—Kenny Rice

It comes down to the basics, money and opportunity. Doesn’t it almost always? Especially for an MMA fighter wanting to move up to a title shot. Eventually because of the aforementioned two things, those training partners in gyms now will have to be opponents someday in the Octagon.

This reinforces the tremendous gap between boxing and MMA elite. Manny Pacquiao can have his private camps; have training legend Freddie Roach at his disposal; bring in a slew of sparring partners; the befitting boxing royalty entourage, all because he will make more in one fight than the combined top ten elite fighters in MMA will make in a year.

With the growing empire of the UFC now including the WEC and Strikeforce, the options to make a respectable living has gotten even more limited. An MMA fighter can’t be concerned about exclusivity in training, he simply has to train wherever best fits him with others fighters, maybe one he will have to meet for a title or a shot at getting one.

Rashad Evans didn’t like that one of the best gyms in the sport, Jackson’s, brought in Jon Jones as he trained to become the newest UFC champ. He bolted for if not greener pastures, at least a place where he won’t have to see Jones until they meet for real, where he can be the center of attention worthy of his status.

This week on Inside MMA, Greg Jackson said of the decision, ” I love Rashad, we’re blessed to be friends, it was an unfortunate situation.

“There’s a new dynamic force in all the best gyms, everyone wants a title shot, the merger has changed the structure of how many there are available. With that it is more likely that training partners will be meeting each other for career making fights.”

A misnomer is in the “friends versus friends” debate. Some of sports greatest team dynasties, the A’s, Yankees, Raiders, were based on their performance on the field not their contentious locker room. Everyone training together, like most all of us who work together, doesn’t automatically assure a tie that binds. Camaraderie can’t fill the bank account.

“Not everyone is a friend. It does created a bond training together. As long as you’re getting paid all you can really look at is having a training partner that matches up well for you in preparing for a fight,” says UFC lightweight contender Jim Miller. He laughed at the possibility of fighting brother Dan someday. “Dan and I push each other really hard, we’ve already had some good fights.”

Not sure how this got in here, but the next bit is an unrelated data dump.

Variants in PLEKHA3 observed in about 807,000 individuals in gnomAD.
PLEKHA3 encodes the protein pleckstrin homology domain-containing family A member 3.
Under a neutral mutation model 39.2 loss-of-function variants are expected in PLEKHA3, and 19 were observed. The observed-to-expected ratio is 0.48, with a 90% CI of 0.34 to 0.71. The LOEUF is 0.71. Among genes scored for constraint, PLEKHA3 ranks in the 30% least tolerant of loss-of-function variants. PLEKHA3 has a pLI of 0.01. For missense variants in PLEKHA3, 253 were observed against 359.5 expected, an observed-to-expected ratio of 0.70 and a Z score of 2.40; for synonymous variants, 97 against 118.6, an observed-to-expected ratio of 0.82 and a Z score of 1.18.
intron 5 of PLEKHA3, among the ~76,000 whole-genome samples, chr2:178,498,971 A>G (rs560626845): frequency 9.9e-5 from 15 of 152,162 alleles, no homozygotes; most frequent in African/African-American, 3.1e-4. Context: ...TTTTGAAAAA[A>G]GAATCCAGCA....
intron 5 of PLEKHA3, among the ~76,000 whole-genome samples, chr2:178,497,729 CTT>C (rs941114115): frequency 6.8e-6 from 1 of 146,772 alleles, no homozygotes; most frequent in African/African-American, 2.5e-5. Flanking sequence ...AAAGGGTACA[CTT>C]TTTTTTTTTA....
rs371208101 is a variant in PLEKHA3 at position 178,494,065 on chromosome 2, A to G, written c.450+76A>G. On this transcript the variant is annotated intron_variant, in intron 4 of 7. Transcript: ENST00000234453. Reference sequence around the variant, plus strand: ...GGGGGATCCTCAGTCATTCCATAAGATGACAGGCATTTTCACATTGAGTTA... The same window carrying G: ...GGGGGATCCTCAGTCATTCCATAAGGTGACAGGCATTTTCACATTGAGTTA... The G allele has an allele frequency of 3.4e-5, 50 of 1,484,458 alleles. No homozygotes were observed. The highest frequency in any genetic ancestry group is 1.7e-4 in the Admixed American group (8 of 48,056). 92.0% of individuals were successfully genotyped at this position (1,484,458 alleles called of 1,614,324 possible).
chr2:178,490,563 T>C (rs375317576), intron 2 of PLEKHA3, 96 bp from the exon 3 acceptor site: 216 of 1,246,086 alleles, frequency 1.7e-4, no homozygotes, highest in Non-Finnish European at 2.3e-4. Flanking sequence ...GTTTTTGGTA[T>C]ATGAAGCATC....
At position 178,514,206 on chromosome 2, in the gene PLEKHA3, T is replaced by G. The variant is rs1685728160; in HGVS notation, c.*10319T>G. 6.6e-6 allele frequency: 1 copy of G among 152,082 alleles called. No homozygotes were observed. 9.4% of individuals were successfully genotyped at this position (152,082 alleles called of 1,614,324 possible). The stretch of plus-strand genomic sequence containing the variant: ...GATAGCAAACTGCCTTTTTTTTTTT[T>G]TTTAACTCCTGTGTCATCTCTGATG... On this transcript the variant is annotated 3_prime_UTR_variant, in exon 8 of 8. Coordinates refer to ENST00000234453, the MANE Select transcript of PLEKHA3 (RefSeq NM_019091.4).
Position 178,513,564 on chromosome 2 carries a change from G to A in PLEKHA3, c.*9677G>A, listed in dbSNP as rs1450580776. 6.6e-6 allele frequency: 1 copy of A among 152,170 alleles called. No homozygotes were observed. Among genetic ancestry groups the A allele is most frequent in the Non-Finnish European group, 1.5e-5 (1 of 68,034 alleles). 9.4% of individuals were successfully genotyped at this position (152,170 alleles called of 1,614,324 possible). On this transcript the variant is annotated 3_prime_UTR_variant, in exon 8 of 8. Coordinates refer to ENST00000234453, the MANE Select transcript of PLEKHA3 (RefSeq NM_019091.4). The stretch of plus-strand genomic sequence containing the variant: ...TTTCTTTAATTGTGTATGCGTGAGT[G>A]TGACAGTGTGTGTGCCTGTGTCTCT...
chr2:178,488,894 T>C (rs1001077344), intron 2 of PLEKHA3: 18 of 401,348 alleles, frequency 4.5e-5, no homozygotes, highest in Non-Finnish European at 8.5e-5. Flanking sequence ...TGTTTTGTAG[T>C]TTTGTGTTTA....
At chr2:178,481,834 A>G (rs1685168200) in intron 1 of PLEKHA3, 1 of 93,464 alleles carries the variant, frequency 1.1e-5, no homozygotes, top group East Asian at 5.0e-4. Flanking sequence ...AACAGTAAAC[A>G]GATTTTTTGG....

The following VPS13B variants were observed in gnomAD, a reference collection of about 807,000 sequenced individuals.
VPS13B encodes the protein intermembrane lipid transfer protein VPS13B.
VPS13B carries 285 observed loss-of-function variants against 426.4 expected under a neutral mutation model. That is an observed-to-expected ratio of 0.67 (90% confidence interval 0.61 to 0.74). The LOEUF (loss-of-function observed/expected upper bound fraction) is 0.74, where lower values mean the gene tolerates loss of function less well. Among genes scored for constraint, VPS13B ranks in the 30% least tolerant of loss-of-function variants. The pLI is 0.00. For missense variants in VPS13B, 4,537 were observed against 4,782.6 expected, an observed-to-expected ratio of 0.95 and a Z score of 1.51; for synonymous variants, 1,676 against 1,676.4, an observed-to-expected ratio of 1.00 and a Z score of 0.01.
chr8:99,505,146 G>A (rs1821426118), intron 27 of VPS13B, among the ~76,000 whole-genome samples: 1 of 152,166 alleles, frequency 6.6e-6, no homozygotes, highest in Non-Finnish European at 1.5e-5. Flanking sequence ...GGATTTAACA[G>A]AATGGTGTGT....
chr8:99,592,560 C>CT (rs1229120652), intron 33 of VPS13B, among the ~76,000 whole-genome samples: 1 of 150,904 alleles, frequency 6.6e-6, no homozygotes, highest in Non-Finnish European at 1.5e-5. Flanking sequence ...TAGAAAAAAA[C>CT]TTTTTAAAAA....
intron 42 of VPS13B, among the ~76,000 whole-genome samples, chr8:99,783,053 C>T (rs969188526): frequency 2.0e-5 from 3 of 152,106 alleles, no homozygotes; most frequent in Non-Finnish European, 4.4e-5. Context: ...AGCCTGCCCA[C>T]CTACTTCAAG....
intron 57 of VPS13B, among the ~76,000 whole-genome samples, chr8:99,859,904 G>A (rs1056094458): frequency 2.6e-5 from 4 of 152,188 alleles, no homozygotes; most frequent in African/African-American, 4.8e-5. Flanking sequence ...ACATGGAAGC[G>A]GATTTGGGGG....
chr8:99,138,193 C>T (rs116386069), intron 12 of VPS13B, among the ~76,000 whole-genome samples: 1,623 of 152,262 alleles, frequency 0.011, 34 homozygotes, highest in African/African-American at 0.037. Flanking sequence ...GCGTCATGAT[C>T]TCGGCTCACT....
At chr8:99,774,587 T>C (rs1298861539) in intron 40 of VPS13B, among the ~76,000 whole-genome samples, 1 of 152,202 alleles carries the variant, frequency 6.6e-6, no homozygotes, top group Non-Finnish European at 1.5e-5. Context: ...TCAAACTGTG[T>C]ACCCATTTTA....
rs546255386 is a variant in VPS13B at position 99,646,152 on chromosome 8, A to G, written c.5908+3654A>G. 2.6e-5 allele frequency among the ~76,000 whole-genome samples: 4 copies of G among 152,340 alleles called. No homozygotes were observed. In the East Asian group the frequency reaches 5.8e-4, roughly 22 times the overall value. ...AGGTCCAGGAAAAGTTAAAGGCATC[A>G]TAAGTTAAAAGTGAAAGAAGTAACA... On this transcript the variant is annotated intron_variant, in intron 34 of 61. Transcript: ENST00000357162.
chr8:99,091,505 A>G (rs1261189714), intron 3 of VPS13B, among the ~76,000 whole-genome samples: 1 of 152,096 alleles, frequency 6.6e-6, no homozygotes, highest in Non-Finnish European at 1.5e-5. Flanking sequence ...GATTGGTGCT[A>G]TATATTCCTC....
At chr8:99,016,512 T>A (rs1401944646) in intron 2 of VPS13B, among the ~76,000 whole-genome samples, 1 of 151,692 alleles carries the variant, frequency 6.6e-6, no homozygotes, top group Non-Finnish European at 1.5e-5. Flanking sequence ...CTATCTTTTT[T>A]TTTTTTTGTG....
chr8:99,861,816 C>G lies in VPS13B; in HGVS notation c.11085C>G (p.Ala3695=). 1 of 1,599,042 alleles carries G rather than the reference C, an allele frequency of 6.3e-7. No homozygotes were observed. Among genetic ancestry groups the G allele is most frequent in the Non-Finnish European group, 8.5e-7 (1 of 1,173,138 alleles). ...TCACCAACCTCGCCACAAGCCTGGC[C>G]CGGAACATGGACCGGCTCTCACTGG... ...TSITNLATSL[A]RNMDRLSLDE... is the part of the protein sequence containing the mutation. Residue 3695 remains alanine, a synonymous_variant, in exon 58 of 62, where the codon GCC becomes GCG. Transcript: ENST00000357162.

Mike Kyle who fights Gegard Mousasi at Strikeforce next month had to face friend Justin Eilers in UFC 49, he lost via first round knock out. “He is a friend, a big brother. But that first hit, you let loose from the get-go.”

There is a real concern about training or fighting with a friend, that let loose factor. “It’s hard to throw elbows right off. You do feel reserved to a point, and in training you have to push.” Kyle noting his friend and training partner now, UFC champ Cain Valasquez. “Cain doesn’t have a problem bouncing me around. We have some intense workouts.”

Jackson understands that MMA will never be like boxing in the way fighters train for a major bout, and he feels it a positive. “There’s a way to go about it (training). Look at boxing the guys who live in giant mansions who now have no funds and there are many stories like that in boxing, no friends after it’s over.

“You have to put in place what your fighter needs, physical and mental. There is a real danger in a guy holding back because of friendship, but it’s what we have in this sport, camps are the way to prepare.”

What the sport now has is a more limited scope that broadens the need to stay in a camp of fighters, if there was any kind of freedom for the individual at all, it is reduced. There are no choices as to whom to fight or when. Camp mates will meet more often. It’s opportunity and money.

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